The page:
Students who watch peers being bullied verbally or physically, could become as distressed if not more so, by the events than the victims themselves. Bullies and bystanders may also be more likely to take drugs and drink alcohol, according to these findings.
“Children and adolescents who are exposed to violence within their families or outside of school are at a greater risk for mental health problems than those children who are not exposed to any violence,” said Ian Rivers of Brunel University, who led the study. Researchers surveyed 2,002 students aged 12 to 16 years at 14 public schools in England.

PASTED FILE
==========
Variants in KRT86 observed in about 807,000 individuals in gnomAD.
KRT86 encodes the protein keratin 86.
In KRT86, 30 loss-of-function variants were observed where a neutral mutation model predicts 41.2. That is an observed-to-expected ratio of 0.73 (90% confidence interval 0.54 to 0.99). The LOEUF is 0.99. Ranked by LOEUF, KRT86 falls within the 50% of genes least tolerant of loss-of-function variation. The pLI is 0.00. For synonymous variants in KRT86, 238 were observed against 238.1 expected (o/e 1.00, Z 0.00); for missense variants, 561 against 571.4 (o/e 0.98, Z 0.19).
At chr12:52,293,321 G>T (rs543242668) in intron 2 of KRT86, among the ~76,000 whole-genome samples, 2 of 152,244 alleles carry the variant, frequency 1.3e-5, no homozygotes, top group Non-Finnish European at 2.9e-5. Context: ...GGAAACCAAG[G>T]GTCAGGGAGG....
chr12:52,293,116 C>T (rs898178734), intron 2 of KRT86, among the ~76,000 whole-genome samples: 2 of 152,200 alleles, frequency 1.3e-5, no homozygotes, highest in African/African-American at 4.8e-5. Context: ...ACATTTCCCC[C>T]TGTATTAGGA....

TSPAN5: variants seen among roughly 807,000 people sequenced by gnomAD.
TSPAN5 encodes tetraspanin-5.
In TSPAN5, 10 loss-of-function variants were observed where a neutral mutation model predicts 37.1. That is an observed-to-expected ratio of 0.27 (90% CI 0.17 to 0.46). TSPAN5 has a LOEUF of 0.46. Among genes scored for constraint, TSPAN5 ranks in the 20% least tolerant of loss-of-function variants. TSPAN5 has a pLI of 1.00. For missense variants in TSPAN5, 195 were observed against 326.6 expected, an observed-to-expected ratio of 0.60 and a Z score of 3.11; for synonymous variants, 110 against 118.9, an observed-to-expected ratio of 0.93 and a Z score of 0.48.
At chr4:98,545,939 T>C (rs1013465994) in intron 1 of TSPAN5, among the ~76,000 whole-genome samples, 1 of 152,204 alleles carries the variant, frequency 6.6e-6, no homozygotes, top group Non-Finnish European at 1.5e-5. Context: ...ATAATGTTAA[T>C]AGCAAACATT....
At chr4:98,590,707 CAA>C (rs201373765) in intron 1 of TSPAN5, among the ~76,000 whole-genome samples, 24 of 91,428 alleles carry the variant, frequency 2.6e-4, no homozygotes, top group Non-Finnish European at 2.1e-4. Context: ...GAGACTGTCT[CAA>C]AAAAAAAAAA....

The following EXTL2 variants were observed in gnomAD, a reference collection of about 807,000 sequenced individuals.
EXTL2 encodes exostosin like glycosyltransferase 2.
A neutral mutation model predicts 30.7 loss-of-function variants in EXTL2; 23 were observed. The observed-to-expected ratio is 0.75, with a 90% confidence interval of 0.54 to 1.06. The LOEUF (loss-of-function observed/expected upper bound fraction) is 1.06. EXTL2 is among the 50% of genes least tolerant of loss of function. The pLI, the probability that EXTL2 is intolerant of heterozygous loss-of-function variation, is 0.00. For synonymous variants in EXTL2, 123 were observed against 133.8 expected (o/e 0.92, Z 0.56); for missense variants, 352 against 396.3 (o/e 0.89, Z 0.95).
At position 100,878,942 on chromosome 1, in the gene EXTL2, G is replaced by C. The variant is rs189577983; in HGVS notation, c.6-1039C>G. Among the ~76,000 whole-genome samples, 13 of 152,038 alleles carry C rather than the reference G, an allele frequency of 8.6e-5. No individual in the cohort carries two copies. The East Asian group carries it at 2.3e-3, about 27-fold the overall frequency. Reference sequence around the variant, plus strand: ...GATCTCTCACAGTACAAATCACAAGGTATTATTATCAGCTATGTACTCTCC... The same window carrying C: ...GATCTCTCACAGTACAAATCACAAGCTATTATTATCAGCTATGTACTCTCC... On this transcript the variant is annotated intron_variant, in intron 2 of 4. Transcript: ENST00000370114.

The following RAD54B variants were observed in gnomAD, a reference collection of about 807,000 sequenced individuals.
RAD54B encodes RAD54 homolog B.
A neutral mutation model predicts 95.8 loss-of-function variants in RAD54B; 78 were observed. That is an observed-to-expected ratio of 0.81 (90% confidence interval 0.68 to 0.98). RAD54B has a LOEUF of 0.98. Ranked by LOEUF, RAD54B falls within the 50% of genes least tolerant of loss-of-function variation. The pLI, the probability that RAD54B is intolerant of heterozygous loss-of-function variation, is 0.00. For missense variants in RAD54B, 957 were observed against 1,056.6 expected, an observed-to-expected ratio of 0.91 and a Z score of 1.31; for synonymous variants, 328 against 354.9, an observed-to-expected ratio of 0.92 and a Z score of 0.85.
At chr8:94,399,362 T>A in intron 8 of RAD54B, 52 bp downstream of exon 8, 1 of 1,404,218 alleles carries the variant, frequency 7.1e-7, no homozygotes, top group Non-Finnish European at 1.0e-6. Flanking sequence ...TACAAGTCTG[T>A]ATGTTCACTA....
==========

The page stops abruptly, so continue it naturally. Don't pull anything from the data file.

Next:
The students were presented with a list of numerous bullying behaviours, such as name-calling, kicking, hitting, spreading rumours and threatening violence. The students indicated whether they had committed, witnessed or been the victim of any of these behaviours during the previous nine-week school term and, if so, how often.
The majority, 63 per cent, said they witnessed peers being bullied. 34 per cent of respondents said they had been victims and 20 percent said they had been perpetrators.
28 per cent said they were completely uninvolved in any bullying episodes. Girls reported seeing bullying more than boys. Rivers, along with co-author Paul Poteat, Boston College, hopes this study will encourage schools to be more aware of the impact of simply witnessing acts of bullying can have on the mental health of students.